Mexican President Andres Manuel Lopez Obrador's first 100 days in office have showcased one thing above all: a new political style. The people love him for it, but experts are alarmed.
Mexico adores its new president. Mitofsky, a polling institution, claims that after 100 days in office, Andres Manuel Lopez Obrador (AMLO) and his left-wing nationalist "Fourth Transformation" project enjoy a 67 percent approval rating among Mexican voters. True, leaders generally enjoy favorable ratings during the grace period of their first three months in office. AMLO's predecessors, however, actually laid down clear policy indicators during that time.
Filipe Calderon, a conservative, began his war on drugs, and Enrique Pena Nieto of the centrist Institutional Revolutionary Party (PRI) found compromise with political opponents, enabling changes to the constitution — and thus, among other things, opening up the oil sector, as well as reforming the education system.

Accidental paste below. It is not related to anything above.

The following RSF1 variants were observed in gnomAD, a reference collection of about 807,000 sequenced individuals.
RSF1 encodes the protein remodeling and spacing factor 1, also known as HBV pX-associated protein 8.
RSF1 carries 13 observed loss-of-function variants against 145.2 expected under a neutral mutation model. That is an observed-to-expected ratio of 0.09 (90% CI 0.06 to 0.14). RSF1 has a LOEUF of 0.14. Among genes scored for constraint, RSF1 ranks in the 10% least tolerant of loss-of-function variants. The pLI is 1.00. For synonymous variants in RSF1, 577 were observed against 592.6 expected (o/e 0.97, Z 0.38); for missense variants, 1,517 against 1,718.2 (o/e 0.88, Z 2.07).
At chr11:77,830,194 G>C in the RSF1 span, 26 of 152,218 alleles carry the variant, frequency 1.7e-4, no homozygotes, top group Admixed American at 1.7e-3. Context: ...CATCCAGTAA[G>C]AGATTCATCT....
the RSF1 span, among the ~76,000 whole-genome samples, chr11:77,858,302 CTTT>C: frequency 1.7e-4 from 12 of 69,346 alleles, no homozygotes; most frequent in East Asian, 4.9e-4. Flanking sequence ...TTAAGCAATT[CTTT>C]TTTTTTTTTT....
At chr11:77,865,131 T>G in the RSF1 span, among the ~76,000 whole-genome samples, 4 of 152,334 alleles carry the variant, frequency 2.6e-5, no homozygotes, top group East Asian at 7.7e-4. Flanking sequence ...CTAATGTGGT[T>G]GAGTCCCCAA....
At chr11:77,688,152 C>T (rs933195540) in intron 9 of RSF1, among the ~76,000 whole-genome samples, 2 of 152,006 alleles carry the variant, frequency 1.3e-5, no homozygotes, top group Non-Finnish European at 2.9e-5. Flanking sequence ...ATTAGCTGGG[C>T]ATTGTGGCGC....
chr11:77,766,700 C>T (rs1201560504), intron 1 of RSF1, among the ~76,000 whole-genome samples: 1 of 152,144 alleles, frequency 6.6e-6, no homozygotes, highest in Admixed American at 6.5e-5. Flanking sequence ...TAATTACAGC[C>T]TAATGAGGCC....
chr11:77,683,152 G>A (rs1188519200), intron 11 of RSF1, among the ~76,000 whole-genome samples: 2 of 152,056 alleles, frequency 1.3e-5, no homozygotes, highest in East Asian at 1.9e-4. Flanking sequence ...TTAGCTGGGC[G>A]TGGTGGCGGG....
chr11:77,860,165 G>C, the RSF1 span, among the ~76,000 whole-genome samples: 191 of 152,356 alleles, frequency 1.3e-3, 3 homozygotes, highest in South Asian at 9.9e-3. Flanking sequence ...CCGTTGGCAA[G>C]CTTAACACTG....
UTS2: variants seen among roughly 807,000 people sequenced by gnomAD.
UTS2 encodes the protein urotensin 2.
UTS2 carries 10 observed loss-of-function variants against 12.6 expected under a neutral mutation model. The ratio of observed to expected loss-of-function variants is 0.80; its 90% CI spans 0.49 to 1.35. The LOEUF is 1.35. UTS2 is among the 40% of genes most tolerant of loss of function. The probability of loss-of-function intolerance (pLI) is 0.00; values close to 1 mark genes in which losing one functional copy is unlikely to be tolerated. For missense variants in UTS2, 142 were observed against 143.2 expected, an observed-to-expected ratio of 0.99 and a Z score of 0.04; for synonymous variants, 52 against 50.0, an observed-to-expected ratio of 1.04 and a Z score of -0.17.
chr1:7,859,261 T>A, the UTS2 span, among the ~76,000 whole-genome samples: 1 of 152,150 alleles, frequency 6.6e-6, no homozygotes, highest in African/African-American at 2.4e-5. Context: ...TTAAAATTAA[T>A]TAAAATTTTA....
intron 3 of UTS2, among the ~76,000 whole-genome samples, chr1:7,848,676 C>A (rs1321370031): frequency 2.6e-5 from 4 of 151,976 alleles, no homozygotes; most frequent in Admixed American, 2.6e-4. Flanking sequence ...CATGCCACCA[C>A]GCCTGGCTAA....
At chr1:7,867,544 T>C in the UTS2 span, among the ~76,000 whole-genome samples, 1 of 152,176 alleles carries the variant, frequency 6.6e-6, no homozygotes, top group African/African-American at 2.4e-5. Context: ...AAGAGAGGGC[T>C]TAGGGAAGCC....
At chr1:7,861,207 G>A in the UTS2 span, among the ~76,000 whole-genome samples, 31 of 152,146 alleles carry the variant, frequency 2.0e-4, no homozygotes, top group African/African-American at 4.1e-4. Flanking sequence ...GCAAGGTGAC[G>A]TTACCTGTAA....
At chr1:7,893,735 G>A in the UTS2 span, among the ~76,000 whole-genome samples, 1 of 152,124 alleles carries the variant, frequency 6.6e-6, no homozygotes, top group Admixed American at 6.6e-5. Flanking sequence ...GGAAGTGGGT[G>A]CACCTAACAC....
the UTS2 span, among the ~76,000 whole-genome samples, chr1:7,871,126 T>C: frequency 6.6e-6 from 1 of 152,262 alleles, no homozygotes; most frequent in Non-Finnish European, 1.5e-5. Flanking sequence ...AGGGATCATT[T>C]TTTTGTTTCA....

Journalist Ivonne Melgar tells Deutsche Welle that the one thing Lopez Obrador has excelled at so far has been talking: "He is a powerful speaker and has a potent propaganda apparatus that works well on social media. Lopez Obrador has trashed everything that has happened in Mexico over the last 30 years, and his black-and-white world view plays well with his base."
Each day's agenda is announced at AMLO's morning press conference. By the time citizens open the newspaper to read an analysis the next day, Lopez Obrador has already moved on to something new. One topic pushes the next aside: The caravan of migrants on the Yucatan Peninsula gives way to a debate on women's shelters, which in turn fades when it comes to new supreme court appointments.
No deep dives here; everything remains shallow. The only thing the people remember are the symbolic gestures: Retirement for former presidents is cut, or new welfare programs are created — stipends for apprentices, social security for domestic workers, or a universal minimum retirement wage of about €60 ($67) a month for those over 68 are all programs designed to keep the base happy.
Serving the greater good or buying a political base?